Gardening, bro. Hmm, why does that seem ironic? This is a glimpse into the masculine ideal that we are collectively entrenched in. In that conception of being a man, bro, gangster, boss, or whatever one calls it, tenderly caring for the Earth doesn’t contribute to one’s social status. Getting your macros, obvi, but ensuring that those calories were harvested in an environmentally conscious way? Scoff. Flex.
In the past: humans maximized the caloric output of the land which temporarily produced surpluses but became a slipping phenomenon of diminishing returns and a steady loss of soil health. Even today, we continue to beat this path with more mechanization and inputs in the belief that this is the only way to “feed the world”. Continue reading “Food Futures”
Tonight, I had the honor of attending a Slow Food Miami gathering where I was able to explore the organization and meet locals interested in the local food environment. It was hosted by prominent local chef Allen Susser who presented a simple home-grown vegetable and dip buffet with various dishes appearing throughout the night. There was even basil pineapple ice cream, though a part of me longed for the good old days of mint chocolate chip. I met several interesting people involved in the local growing scene, including the Worm Whisperer (whom we have not seen the last of on this journey) and Gabe of Seasons Farm Fresh, a distributer of local and Latin American fruit. Both shared their own perspective and insights into the local Miami food system, which I’ll share in future blog posts. Continue reading “Slow Food Miami”
I’ve been lost as to what to post here. The momentum of this blog has been fermented food: tempeh, kraut, nut cheese. However, I’ve come to an increasingly firm belief that I have some sort of intolerance to fermented and aged foods. The histamine triggers a range of symptoms that agitate my physical being. Perhaps it’s my overemphasis of fermented foods that have led to this maladaption. Also, it gives me pause as I reflect on all the diet gurus on the Internet that claim dogmatically to have the answer. For example, I became briefly obsessed with Matthew Kenney, a celebrity raw vegan chef. In raw veganism, the food is never heated above 104-120˚F. Continue reading “Resetting”
Dear Poetry Professor,
When you cut me off today and tried to skip my turn to share my poetic art piece, it fucking hurt. You perceived a slight from reactive pride, and in trying to protect yourself overreached and slighted me. “Of course you brought a stick,” yes, indeed, and you couldn’t appreciate the beauty and significance of a simple stick, yet you were like an overeager mother fawning over the other students’ cardboard art projects. You realize these are just artificially reconstituted versions of the stick I brought in? Continue reading “Hear the Kale King Roar!”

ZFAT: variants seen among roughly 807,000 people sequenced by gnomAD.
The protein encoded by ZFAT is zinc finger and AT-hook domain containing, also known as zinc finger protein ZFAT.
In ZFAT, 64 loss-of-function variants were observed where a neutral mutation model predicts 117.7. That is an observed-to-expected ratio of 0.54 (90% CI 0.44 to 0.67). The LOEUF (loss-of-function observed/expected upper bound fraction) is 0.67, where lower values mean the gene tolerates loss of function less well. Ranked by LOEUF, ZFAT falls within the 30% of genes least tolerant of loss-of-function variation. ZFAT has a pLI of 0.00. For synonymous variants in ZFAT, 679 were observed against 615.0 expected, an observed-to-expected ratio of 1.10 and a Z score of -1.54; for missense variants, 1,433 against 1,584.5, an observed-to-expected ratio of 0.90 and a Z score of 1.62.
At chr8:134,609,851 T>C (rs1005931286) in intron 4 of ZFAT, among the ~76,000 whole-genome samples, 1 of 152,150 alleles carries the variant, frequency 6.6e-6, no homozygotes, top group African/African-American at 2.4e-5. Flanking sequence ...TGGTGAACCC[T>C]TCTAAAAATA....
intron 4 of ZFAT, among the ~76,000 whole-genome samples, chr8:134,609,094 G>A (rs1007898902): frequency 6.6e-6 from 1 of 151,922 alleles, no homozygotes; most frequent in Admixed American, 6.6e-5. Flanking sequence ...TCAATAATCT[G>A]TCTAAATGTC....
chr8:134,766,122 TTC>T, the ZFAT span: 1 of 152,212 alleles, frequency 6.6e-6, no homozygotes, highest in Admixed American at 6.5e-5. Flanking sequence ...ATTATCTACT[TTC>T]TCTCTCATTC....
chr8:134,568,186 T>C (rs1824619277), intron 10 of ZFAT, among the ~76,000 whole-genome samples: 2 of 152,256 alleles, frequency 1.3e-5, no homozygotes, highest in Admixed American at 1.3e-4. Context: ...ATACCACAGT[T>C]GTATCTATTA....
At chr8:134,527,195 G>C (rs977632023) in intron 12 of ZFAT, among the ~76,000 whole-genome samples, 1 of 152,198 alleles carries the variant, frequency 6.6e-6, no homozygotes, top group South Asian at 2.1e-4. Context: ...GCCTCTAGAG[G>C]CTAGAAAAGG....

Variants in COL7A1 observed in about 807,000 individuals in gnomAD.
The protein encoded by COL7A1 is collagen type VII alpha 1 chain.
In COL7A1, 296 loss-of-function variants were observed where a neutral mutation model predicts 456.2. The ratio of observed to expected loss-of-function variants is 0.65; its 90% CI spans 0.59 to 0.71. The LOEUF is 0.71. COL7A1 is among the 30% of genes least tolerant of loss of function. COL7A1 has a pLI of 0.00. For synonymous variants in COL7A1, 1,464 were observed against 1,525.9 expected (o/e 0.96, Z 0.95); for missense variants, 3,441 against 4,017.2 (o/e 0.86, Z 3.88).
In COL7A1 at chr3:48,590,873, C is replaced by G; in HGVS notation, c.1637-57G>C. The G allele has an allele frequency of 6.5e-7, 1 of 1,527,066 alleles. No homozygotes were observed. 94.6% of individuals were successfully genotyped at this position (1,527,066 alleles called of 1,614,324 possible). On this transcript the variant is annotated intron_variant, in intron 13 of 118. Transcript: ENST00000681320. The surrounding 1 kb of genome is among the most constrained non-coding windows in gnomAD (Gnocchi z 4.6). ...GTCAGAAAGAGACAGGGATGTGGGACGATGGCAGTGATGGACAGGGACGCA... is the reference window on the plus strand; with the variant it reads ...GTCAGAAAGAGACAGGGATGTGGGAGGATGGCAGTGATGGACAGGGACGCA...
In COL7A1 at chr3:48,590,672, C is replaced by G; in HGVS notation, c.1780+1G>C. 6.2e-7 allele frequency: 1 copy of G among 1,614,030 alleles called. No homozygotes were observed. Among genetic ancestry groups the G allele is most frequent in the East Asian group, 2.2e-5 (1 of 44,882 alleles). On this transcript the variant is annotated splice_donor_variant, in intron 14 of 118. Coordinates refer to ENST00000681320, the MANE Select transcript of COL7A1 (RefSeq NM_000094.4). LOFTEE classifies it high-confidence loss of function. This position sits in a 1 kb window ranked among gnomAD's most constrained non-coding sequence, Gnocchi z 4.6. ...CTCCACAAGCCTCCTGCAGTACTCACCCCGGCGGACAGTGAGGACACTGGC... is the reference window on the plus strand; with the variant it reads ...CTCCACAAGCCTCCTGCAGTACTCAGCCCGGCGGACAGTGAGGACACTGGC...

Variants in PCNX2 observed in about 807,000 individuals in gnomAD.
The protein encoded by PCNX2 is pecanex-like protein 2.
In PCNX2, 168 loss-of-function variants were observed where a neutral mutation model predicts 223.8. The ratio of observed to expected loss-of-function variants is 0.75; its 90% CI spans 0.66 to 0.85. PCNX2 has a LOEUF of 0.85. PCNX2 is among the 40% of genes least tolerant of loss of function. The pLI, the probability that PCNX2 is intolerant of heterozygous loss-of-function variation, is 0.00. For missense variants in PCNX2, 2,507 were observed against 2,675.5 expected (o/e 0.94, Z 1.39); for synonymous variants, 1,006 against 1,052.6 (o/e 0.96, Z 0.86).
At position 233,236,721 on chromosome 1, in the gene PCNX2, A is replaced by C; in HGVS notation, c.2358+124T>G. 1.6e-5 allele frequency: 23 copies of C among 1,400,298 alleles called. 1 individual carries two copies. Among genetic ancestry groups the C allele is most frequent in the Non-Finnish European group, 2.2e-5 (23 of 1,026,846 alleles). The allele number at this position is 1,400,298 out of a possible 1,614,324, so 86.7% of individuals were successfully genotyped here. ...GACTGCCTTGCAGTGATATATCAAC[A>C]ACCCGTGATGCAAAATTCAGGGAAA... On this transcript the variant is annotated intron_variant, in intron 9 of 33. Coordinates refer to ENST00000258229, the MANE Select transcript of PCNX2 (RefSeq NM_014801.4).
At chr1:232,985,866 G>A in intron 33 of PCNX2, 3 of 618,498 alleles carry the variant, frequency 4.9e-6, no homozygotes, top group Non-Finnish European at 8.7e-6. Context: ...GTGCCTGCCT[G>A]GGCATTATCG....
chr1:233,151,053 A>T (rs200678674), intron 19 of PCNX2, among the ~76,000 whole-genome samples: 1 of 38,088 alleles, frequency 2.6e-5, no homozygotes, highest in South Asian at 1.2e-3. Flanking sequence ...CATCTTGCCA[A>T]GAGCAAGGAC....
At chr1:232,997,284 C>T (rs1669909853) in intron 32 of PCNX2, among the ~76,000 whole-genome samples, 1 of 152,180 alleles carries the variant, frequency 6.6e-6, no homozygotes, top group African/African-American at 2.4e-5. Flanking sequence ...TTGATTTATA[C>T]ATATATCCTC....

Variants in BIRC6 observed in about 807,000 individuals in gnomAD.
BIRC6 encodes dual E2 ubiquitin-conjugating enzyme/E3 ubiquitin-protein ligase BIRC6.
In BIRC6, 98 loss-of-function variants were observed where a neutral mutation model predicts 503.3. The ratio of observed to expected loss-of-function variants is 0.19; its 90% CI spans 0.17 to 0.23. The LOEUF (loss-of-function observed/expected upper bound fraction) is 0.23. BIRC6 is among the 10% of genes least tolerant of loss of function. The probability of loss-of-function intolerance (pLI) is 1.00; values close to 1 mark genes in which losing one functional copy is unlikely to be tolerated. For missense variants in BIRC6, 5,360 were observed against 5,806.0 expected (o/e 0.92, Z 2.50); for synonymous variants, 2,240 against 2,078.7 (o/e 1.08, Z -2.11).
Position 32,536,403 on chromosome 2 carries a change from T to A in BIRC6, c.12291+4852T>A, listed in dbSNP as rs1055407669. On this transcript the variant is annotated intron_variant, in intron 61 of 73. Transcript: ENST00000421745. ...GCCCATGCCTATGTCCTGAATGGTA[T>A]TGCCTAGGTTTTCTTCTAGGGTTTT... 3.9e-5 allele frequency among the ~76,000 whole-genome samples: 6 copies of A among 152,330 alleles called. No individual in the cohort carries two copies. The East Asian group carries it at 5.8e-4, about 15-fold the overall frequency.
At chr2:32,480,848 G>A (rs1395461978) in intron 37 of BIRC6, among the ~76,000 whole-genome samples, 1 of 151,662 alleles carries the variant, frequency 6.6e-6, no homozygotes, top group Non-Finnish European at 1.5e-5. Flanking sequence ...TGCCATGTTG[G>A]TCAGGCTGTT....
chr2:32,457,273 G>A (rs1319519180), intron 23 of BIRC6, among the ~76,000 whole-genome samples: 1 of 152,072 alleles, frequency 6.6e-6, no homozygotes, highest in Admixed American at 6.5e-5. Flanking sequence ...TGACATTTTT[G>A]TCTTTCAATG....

After a long drive through the endless industrial warehouses, outlet malls, and grassy swamplands, our small UMiami field trip crew arrived at our destination: ECHO demonstration farm in Fort Myers, Florida. According to its site, “ECHO is an information hub for development practitioners around the world. We gather solutions from around the world that are solving hunger problems and disseminate them to our active network. Continue reading “ECHO Farm Field Trip”
After this homework assignment, I’m leaning pro-GMO. We need to differentiate between GMO and Monsanto, rather than heap our fear and loathing on a believed-to-be potentially carcinogenic (not proven) technique which, in reality, is not solely controlled by agribusiness. Millions of potential cases of starvation and malnutrition have been prevented with new crops such as the “Golden Banana” or flood-resistant rice. In these instances, human ingenuity and manipulation are creating rejuvenating relationships between people and the Earth. Celebi is happy.
I am frustrated by the lack of nutritious, non-destructive foods in our pantry on the farm. There is a contingency that negatively affects the environment and/or ourselves in each product we have stored away from the grocery store, while we peer over fields of naturally occurring nutritious abundance.
We like to think of ourselves as humble (or omnipotent) stewards of the Earth. We like to believe that we are the most powerful force in nature. That plants grow because we will them to. In fact, our will contributes significantly to our ability to produce huge amounts of staple foods, animal products, and even organic vegetables. Our mighty plow churns through the soil, our hands wrangle the uninvited weeds, and lo and behold, the seeds we painstakingly nurture in plastic houses set root and flourish in our fields.
Ever since I began dabbling in vegetarianism my freshman year of college, I’ve received a lot of bewildered, intrigued, and defensive responses. Fluctuating between omnivorism, vegetarianism, and veganism, I’ve been a proponent of each group. Through the idealism and dogma bound up in each phase, I’ve come to believe that only honesty and critical self and societal reflection can bring any progress to this hotly contended, gridlocked debate.